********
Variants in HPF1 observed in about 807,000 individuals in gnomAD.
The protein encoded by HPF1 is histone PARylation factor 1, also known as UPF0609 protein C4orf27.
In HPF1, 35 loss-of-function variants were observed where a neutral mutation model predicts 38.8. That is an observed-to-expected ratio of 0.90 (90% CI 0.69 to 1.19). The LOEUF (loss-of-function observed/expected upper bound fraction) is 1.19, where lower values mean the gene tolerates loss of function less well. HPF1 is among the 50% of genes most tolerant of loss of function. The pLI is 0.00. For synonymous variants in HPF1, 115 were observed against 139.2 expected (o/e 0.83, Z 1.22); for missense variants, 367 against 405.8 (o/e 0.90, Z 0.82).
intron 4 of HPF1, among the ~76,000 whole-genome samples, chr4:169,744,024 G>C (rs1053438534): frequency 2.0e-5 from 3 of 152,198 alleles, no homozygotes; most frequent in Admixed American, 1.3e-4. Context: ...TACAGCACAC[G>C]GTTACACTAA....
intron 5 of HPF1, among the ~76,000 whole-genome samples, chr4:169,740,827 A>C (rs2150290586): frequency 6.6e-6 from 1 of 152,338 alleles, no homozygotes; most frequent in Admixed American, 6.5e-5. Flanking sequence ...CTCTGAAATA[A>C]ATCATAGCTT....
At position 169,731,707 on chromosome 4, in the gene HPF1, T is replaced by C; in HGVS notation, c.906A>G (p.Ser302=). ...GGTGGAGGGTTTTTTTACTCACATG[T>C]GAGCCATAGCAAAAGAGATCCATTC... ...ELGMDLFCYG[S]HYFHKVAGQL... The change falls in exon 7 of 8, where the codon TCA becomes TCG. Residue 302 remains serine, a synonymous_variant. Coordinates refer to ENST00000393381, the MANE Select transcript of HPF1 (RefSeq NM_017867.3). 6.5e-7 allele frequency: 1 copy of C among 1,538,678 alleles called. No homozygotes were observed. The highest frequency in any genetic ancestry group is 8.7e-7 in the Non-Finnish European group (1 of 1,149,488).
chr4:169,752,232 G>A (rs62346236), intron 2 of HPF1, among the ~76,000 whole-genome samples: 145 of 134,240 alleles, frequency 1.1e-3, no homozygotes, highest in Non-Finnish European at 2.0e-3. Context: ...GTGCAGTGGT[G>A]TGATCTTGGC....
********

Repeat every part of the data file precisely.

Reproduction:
Variants in HPF1 observed in about 807,000 individuals in gnomAD.
The protein encoded by HPF1 is histone PARylation factor 1, also known as UPF0609 protein C4orf27.
In HPF1, 35 loss-of-function variants were observed where a neutral mutation model predicts 38.8. That is an observed-to-expected ratio of 0.90 (90% CI 0.69 to 1.19). The LOEUF (loss-of-function observed/expected upper bound fraction) is 1.19, where lower values mean the gene tolerates loss of function less well. HPF1 is among the 50% of genes most tolerant of loss of function. The pLI is 0.00. For synonymous variants in HPF1, 115 were observed against 139.2 expected (o/e 0.83, Z 1.22); for missense variants, 367 against 405.8 (o/e 0.90, Z 0.82).
intron 4 of HPF1, among the ~76,000 whole-genome samples, chr4:169,744,024 G>C (rs1053438534): frequency 2.0e-5 from 3 of 152,198 alleles, no homozygotes; most frequent in Admixed American, 1.3e-4. Context: ...TACAGCACAC[G>C]GTTACACTAA....
intron 5 of HPF1, among the ~76,000 whole-genome samples, chr4:169,740,827 A>C (rs2150290586): frequency 6.6e-6 from 1 of 152,338 alleles, no homozygotes; most frequent in Admixed American, 6.5e-5. Flanking sequence ...CTCTGAAATA[A>C]ATCATAGCTT....
At position 169,731,707 on chromosome 4, in the gene HPF1, T is replaced by C; in HGVS notation, c.906A>G (p.Ser302=). ...GGTGGAGGGTTTTTTTACTCACATG[T>C]GAGCCATAGCAAAAGAGATCCATTC... ...ELGMDLFCYG[S]HYFHKVAGQL... The change falls in exon 7 of 8, where the codon TCA becomes TCG. Residue 302 remains serine, a synonymous_variant. Coordinates refer to ENST00000393381, the MANE Select transcript of HPF1 (RefSeq NM_017867.3). 6.5e-7 allele frequency: 1 copy of C among 1,538,678 alleles called. No homozygotes were observed. The highest frequency in any genetic ancestry group is 8.7e-7 in the Non-Finnish European group (1 of 1,149,488).
chr4:169,752,232 G>A (rs62346236), intron 2 of HPF1, among the ~76,000 whole-genome samples: 145 of 134,240 alleles, frequency 1.1e-3, no homozygotes, highest in Non-Finnish European at 2.0e-3. Context: ...GTGCAGTGGT[G>A]TGATCTTGGC....